Section 501(c)(3) status is recognized by the Internal Revenue Service for federal income tax purposes and the states are not involved. 501 (c)(3) status does not have to be “renewed.”
But under the new provisions of the Pension Protection Act of 2006, a small charity that is not required to file a Form 990 because its gross receipts are below the threshold for filing will be required to file a new statement that it continues to exist. Any charity required to file the new report or a tax information return will lose its exempt status if it fails to do so for three consecutive years. The report is not so much a renewal as a confirmation of continued activity. (See Ready Reference Page: “Small Nonprofits Must File E-Postcard to Retain Exemption.”)
Many organizations receive an “advance ruling” that they qualify as public charities rather than private foundations when they receive their original letter of recognition of exemption. Those organizations must subsequently prove to the IRS that they have sufficiently broad sources of support to qualify as public charities on the basis of their first five years of income. But the question is whether they are public charities or private foundations, not whether they are 501(c)(3) exempts. (See Ready Reference Page: ‘Calculating Public Support.”)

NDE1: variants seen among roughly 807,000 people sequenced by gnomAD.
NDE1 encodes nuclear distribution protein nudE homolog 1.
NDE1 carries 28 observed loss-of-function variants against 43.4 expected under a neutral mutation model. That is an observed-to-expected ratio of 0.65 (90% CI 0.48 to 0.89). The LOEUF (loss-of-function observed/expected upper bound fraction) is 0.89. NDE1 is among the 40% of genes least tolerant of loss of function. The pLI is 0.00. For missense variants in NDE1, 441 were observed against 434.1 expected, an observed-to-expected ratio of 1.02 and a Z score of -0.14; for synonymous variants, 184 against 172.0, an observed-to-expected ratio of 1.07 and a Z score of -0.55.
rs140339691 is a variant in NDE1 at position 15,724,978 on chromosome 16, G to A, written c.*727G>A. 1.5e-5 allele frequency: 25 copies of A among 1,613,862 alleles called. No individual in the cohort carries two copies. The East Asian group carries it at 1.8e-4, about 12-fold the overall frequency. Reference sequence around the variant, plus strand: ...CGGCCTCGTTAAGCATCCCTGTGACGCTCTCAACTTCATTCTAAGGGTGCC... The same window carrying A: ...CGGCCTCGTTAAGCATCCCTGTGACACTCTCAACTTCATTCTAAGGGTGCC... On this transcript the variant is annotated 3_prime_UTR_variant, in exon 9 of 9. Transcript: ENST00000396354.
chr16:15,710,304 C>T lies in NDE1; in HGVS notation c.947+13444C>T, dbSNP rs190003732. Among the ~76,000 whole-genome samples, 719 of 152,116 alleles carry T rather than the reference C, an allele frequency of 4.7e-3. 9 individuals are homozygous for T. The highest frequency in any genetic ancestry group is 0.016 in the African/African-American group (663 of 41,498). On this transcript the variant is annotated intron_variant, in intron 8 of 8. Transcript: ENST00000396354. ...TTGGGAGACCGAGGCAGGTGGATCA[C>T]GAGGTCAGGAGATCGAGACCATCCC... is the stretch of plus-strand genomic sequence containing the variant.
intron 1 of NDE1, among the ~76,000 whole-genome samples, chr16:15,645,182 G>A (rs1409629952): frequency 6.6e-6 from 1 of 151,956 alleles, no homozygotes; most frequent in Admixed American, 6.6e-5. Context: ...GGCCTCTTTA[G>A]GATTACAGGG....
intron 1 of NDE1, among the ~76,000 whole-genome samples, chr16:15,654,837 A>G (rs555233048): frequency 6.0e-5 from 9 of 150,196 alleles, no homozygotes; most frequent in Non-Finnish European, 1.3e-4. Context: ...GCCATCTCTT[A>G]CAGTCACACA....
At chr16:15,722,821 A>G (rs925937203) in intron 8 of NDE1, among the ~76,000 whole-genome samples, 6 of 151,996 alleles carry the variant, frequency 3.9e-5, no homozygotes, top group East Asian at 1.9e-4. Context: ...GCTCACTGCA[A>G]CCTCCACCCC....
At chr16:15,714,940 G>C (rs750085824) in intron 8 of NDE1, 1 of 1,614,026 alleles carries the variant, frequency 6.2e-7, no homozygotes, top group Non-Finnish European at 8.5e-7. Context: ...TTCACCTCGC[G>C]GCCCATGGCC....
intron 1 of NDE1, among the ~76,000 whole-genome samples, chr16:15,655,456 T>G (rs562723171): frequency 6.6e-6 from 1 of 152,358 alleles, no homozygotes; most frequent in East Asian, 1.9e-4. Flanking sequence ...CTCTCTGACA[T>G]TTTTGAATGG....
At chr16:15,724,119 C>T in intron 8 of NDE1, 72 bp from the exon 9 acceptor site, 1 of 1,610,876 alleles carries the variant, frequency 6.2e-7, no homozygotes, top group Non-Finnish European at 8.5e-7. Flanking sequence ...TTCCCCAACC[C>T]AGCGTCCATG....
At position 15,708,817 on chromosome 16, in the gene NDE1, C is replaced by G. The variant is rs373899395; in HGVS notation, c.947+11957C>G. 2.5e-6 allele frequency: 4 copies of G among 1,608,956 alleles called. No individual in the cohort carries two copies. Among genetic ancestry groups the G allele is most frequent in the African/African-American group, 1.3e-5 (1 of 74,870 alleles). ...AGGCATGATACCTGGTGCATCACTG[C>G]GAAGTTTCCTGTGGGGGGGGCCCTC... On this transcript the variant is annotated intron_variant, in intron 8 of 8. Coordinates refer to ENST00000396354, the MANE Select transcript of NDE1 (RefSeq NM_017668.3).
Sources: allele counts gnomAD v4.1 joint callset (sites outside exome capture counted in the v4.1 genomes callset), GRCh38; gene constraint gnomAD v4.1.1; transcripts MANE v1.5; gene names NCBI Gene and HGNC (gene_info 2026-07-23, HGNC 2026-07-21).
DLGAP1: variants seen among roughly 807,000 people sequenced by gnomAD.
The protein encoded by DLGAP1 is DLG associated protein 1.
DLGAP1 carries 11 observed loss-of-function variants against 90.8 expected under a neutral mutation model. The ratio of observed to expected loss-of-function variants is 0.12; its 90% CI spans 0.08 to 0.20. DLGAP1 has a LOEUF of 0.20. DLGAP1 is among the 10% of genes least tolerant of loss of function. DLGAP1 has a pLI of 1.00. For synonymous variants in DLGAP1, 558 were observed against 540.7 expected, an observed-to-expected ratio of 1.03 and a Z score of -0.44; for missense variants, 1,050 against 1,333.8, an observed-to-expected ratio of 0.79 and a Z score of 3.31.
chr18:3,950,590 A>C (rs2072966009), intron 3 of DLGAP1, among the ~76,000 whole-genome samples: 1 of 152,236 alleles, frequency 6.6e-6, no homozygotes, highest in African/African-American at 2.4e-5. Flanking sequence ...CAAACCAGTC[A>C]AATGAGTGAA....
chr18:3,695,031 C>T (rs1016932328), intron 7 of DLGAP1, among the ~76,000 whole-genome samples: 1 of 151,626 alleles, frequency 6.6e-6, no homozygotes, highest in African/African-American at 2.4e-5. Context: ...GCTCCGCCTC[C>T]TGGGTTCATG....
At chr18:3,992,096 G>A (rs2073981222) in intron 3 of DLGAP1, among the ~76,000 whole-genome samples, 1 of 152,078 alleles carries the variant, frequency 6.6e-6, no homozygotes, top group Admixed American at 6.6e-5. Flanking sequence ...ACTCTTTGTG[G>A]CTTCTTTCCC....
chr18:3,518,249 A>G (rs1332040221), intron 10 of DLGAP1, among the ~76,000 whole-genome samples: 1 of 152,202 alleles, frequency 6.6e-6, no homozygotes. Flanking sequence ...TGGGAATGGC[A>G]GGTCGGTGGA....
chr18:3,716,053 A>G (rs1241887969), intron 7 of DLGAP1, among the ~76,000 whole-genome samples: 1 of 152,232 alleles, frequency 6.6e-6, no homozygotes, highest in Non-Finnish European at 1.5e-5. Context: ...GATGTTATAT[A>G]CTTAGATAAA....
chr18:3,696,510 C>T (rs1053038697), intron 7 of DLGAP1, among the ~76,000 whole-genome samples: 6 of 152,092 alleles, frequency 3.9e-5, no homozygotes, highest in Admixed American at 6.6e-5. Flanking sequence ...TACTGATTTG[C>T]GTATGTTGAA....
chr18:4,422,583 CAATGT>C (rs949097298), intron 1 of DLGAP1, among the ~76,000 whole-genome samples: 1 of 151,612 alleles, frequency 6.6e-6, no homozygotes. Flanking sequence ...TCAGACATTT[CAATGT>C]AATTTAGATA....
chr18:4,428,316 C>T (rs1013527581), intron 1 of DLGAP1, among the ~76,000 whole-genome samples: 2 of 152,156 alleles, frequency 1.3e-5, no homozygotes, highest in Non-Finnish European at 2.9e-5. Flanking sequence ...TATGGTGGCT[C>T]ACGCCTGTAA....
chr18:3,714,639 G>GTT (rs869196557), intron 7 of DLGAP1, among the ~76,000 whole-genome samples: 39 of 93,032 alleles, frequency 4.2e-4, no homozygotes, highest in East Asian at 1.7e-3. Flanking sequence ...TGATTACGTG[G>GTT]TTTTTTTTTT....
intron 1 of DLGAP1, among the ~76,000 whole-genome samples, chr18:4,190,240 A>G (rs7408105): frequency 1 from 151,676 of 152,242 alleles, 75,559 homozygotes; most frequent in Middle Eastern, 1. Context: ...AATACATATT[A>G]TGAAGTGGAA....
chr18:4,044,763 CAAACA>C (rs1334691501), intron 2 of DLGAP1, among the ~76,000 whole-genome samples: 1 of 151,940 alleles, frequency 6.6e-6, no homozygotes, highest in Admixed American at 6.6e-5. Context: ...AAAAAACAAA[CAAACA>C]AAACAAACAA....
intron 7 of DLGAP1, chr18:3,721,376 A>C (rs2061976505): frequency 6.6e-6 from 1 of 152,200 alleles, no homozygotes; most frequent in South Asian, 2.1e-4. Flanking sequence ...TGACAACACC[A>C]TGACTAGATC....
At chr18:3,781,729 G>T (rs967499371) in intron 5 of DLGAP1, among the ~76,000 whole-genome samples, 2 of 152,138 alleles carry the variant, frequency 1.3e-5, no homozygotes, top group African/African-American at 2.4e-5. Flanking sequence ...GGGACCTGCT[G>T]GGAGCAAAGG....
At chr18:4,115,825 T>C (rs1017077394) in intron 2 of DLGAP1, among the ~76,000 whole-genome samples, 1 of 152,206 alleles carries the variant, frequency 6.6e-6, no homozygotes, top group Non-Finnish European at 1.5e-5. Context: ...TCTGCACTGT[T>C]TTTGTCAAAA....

Some states require periodic reports to maintain corporate status within the state and failure to do so can cause lose of corporate status. Some require periodic renewal of charitable exemption for sales or other taxes. Check with a knowledgeable attorney in your state.
Charity fundraising event planners have to worry not only about the invitation list, the menu and the program. They also have to worry about a host of legal issues that, if ignored, could turn the event into a financial and public relations disaster. This webinar will explore the top ten areas of legal concern for a charity’s annual gala dinner dance, bikathon, day in the park, or other special fundraising event. Learn more in our pre-recorded webinar.
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